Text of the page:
Towards the Rational Choice Theory in The Asian Approach to International Law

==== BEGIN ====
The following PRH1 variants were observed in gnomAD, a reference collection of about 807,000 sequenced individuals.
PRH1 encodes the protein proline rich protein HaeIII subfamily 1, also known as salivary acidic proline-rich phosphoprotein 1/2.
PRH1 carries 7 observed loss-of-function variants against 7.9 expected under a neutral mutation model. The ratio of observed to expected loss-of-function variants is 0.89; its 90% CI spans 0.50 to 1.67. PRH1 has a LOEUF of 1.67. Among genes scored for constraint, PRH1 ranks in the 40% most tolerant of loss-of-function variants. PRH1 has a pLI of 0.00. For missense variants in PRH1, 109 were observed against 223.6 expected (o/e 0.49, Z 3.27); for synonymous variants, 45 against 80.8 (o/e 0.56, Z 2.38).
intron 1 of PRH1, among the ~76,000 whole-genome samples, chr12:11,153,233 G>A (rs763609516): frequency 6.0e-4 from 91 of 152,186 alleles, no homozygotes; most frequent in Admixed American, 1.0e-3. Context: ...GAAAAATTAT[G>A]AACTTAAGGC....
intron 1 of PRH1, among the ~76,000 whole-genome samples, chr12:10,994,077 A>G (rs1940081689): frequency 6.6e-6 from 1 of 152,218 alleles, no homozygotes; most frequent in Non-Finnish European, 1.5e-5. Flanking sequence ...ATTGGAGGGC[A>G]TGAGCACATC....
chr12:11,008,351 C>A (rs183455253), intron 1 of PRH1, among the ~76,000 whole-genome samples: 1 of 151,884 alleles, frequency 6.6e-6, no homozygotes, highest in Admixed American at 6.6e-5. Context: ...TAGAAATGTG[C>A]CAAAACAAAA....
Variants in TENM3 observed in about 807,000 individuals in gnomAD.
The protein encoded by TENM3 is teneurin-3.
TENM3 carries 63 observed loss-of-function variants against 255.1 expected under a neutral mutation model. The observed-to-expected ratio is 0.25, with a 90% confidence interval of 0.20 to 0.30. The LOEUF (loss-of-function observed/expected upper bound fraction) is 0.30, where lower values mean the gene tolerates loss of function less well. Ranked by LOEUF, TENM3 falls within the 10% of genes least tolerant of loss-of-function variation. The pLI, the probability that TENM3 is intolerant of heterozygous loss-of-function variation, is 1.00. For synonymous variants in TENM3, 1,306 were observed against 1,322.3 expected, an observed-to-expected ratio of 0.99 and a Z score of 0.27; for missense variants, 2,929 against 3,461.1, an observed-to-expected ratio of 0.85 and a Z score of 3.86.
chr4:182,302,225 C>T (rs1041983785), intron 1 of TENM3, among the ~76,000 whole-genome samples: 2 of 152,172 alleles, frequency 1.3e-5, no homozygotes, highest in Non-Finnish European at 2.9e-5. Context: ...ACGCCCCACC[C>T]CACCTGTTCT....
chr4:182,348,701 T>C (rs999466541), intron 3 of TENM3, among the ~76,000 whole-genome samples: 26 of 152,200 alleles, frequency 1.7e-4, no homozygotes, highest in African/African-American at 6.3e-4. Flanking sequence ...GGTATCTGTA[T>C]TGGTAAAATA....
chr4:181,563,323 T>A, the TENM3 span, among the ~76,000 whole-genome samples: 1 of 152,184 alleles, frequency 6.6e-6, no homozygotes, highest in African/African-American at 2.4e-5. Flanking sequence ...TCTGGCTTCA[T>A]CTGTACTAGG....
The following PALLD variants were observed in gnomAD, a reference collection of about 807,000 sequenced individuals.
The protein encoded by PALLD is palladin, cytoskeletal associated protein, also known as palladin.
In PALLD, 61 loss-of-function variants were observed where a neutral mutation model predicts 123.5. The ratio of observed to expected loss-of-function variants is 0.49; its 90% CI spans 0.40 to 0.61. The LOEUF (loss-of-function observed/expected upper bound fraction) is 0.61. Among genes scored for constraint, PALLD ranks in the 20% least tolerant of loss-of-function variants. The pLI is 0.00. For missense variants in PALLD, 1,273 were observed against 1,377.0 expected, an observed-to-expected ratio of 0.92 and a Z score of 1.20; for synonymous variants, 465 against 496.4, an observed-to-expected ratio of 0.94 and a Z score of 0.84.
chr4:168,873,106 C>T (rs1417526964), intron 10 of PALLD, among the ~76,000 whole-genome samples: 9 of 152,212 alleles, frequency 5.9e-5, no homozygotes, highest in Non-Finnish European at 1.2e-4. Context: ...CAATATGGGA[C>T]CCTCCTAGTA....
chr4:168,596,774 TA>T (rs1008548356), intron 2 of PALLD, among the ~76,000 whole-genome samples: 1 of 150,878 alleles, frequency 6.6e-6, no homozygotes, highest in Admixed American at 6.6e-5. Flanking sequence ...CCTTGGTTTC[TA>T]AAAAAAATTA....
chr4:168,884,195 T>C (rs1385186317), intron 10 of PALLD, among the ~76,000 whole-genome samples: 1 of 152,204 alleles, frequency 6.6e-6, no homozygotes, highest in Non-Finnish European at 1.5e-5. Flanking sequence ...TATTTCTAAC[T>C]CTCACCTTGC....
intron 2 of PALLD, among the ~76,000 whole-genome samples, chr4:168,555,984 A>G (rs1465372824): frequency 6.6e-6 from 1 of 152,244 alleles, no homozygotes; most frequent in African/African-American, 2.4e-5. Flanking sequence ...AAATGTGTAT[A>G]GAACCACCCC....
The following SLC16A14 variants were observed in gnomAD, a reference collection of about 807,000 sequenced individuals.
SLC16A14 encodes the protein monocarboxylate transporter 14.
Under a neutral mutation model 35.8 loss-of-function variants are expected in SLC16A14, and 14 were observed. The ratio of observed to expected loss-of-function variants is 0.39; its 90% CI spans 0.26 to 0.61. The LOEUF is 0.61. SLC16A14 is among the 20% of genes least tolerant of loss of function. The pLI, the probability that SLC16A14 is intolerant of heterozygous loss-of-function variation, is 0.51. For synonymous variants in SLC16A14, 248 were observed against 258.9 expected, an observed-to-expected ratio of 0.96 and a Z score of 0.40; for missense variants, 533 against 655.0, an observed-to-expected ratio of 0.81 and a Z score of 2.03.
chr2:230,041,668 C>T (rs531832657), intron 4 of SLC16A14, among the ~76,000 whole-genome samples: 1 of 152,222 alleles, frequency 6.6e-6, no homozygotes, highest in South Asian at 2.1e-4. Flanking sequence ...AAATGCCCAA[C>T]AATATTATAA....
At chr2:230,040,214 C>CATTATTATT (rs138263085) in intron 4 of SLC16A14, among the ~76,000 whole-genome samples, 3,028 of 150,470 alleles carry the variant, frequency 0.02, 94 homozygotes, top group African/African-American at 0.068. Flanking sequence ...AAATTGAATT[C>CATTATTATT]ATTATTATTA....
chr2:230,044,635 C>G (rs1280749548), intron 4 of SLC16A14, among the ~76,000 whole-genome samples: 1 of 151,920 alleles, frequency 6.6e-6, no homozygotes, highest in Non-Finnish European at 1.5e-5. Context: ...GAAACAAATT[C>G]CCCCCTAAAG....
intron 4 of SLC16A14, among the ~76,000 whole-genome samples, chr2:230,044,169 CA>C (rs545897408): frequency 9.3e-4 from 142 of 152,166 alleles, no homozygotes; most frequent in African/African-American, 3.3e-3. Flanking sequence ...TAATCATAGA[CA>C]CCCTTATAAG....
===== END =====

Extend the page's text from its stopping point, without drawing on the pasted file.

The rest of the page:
The notion of “Asian approach to international law” refers to the international political relations of and among the Asian countries as well as the development of international law, and how the two dynamics interact between each others. A comprehensive analysis of the issues thus requires one single analytical tool that can encompass both issues at hand. Interestingly, at present research discussing the most appropriate methodology remains under-developed, as scholars mostly focus on particular case studies. The article offers the “rational choice theory” as the first stepping stone for further theoretical development and practical application. The rational choice theory, in essence an economic theory that deals with individual decision making, has been a valuable tools in assessing international relations from an institutionalism paradigm, and it has started to gain its importance in the field of economic analysis of international law. Therefore, I argue that the theory will provide an alternative insight of the “Asian approaches to international law” to the conventional theories of cultural differences (the west vs. the east) or political economy (developed countries vs. developing countries). I will first discuss the issues that conventional theories fail to address, and display how the rational choice theory can fill in the gap. For further practical implementation, I elaborate briefly several international law issues in the ASEAN context from the economics of rational choice perspective, namely on the principle of non-intervention and the institutionalization of human rights.
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